[Sca-cooks] A Sallet of all Kinds of Hearbes and Cucumbers (Sugar Related)

Elise Fleming alysk at ix.netcom.com
Fri Jul 30 12:47:49 PDT 2010

Urtatim and I wrote:

Alys wrote:
 > >For the sake of argument and fussiness (OK, anal-retentive!) I would
 > >question whether brown sugar was used.  Modern brown sugar has some
 > >molasses put back into it...

 >This may have been true once upon a time, and may still be with some
 >rare sugar products. But the vast majority of brown sugar products in
 >USAmerican supermarkets does not have added molasses to color the
 >otherwise white sugar. On most packages it says that the sugar is
 >colored with caramel or caramel coloring, which can be more white
 >sugar which has been cooked and caramelized.

My packages don't have any list for caramel coloring, just sugars (of 
which molasses is one).  Perhaps I shouldn't have said "put back into 
it".  That would, indeed, imply that that there was white sugar with 
molasses then added back.  Sorry to have been that unclear.  In any 
case, brown sugar hasn't gotten to the white sugar stage in refining 
because there still is that "molasses" content.  In medieval times, 
sugar was processed to varying colors, but (IIRC) all of them hard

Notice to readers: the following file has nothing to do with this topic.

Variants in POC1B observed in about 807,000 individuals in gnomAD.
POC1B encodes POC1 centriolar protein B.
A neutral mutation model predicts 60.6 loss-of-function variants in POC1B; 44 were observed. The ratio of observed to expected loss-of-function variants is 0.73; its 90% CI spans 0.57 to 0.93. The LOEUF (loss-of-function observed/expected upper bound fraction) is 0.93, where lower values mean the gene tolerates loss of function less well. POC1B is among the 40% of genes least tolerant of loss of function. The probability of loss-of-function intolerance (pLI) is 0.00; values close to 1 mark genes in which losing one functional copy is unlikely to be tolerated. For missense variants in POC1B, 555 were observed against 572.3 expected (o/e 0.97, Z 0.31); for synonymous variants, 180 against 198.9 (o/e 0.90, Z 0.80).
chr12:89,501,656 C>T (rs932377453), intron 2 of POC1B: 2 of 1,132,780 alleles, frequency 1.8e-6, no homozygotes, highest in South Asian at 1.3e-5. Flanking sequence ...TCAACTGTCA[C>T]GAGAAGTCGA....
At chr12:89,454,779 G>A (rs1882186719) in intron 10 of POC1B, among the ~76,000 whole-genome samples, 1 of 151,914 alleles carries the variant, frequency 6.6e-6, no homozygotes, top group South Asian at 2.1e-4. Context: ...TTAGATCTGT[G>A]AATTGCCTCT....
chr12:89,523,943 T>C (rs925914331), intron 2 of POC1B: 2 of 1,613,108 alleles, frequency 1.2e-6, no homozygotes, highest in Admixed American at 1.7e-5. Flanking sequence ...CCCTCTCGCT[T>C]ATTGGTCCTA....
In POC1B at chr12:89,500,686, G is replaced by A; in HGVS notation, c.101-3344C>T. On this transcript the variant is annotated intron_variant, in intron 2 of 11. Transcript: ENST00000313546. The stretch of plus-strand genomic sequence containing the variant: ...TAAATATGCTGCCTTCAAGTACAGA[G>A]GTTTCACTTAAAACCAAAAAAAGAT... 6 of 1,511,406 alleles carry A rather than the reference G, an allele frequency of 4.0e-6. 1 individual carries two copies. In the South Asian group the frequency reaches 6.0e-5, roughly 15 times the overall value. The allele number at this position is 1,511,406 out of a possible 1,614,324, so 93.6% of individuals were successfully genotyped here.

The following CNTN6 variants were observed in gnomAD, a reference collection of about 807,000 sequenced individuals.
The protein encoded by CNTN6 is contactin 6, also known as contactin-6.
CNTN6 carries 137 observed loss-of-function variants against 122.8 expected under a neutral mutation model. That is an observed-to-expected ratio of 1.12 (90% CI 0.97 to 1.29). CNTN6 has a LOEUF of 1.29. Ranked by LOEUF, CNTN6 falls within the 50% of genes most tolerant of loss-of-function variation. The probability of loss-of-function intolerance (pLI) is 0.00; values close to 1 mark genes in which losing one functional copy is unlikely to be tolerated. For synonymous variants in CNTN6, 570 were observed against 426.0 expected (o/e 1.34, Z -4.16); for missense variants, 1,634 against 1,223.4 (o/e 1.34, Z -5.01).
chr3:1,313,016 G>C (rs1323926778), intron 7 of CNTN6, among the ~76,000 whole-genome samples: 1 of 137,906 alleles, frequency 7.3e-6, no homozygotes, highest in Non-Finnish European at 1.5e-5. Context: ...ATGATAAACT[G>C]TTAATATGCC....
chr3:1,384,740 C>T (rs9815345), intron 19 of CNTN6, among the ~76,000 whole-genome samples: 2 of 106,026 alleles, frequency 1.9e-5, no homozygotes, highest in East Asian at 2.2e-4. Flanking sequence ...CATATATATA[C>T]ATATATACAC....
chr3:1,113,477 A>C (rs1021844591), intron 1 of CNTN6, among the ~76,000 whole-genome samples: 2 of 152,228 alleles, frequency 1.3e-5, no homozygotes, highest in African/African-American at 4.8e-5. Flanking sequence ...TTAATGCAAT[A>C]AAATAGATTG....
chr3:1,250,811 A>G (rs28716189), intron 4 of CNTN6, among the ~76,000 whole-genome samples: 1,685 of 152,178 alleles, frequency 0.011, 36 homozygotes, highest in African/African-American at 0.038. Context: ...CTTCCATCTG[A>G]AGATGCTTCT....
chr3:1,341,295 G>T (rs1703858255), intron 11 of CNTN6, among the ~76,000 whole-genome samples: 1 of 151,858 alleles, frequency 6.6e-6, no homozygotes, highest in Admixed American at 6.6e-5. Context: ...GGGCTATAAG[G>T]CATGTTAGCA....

enough to form a cone.  Now, I can get my brown sugar to dry out hard, 
but that wasn't how the sugar cones were formed.  Internet searching 
shows the following.

  Wikipedia says there still is molasses 
(http://en.wikipedia.org/wiki/Brown_sugar): Brown sugar is a sucrose 
sugar product with a distinctive brown color due to the presence of 
molasses. It is either an unrefined or partially refined soft sugar 
consisting of sugar crystals with some residual molasses content, or it 
is produced by the addition of molasses to refined white sugar.

Brown sugar contains from 3.5% molasses (light brown sugar) to 6.5% 
molasses (dark brown sugar). The product is naturally moist from the 
hygroscopic nature of the molasses and is often labelled as "soft." The 
product may undergo processing to give a product that flows better for 
industrial handling. The addition of dyes and/or other chemicals may be 
permitted in some areas or for industrial products.

 From Big Oven: http://www.bigoven.com/whatis.aspx?id=Brown%20Sugar

Brown sugars (light and dark) are produced from a blending of white 
sugar and natural or processed molasses. They are made from sugar cane 
or sugar beets and add a delicate sweet flavor to a wide range of foods.


Light (golden) and dark brown sugars are classified as either sticky or 
free-flowing. Most of the mass-produced products are a blend of 
purified, or refined, sugar and molasses. Raw cane sugars that have a 
brown coating also fall into this category.

Piloncillo (little pylons) is a Mexican unrefined brown sugar with no 
molasses, but is similar in taste to American versions. The compressed 
hard cone can be scraped with a serrated knife. It is sold as light or dark.

In India, palm, or jaggery, sugar is the brown sugar used most. It is 
available in hard cones or in pourable form and also is very popular in 
Thai recipes.

Other derivatives of raw brown sugars are labeled “muscavado,” 
“turbinado,” and “demerera.” These must be refined to some extent for 
sale in the U.S. to remove impurities and bacteria.

Elise Fleming
alysk at ix.netcom.com

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